The Testing of Character
By Mrs. E. G. White
Saul made an appearance of great conscientiousness and devotion, as he stood before the army of Israel, offering up a sacrifice to God. He represented himself before the people as one who was unwilling to engage in battle with the Philistines, without seeking the help of Heaven, but his heart was filled with distrust, and his apparent piety was, in reality, only unbelief and disobedience. He had been directed by the prophet of God that when he was brought into just such circumstances of trial he should wait until seven days had expired, and that at the termination of the days appointed, Samuel would come unto him, and offer the sacrifice, and tell him what he should do to honor God and save Israel, but Saul had failed to bear the test that God had permitted to come upon him, and he resolved to offer the sacrifice himself, and wait no longer for the priest ordained of God to perform the sacred service. The king beheld the Philistines arrayed for battle. He saw his own soldiers filled with alarm, and his ranks thinning with frequent desertions, and, instead of trusting in the word of God, and waiting patiently for his salvation, he became faithless and discouraged. In the hope of again rallying his scattered troops, he was willing to violate the direction of God, and offer an offering before the Lord, that he might have the approval of the people, and gather them to his side to war against the enemy.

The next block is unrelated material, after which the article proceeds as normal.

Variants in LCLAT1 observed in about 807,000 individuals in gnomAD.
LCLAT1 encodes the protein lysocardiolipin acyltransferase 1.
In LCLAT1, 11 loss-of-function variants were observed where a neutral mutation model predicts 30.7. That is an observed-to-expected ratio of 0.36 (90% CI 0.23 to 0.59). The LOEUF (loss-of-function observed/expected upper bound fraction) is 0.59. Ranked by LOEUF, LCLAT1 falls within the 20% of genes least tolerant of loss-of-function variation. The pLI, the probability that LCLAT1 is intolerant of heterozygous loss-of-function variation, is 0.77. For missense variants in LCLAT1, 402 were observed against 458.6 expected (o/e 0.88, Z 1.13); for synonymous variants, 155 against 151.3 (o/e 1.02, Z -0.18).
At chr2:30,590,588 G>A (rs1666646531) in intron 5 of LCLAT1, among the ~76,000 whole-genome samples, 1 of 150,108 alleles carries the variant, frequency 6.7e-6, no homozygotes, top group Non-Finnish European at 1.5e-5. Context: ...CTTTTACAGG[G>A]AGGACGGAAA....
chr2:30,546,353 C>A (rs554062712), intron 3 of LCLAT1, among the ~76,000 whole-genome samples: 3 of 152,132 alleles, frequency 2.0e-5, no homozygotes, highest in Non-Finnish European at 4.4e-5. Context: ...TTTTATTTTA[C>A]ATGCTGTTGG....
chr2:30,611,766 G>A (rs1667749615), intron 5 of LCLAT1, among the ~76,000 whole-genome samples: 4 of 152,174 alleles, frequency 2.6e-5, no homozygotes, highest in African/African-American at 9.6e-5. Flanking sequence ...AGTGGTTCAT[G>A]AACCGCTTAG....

The prophet had declared that the Lord would reveal what course the king should pursue when the seven days were ended; but he did not wait for the arrival of the man of God, but took the matter into his own hands. If he had but waited in faith and patience and rested in the promise of God, what lessons of trust might have come down to inspire us as the result of his life and experience! What a help he might have been to Israel, if he had but stood the test in that hour of trial! He might have revealed the work of the Spirit of God in his heart. Through him might have been manifested the power and willingness of Jehovah to bless his waiting people. If he had fulfilled the conditions upon which the help was promised, the Lord would have wrought a marvelous deliverance for Israel, with the few who were loyal to the king. But the religious service, performed in unbelief and in direct opposition to the commandment of God, only served to weaken his hands, and to place him beyond the help that God was so willing to grant him.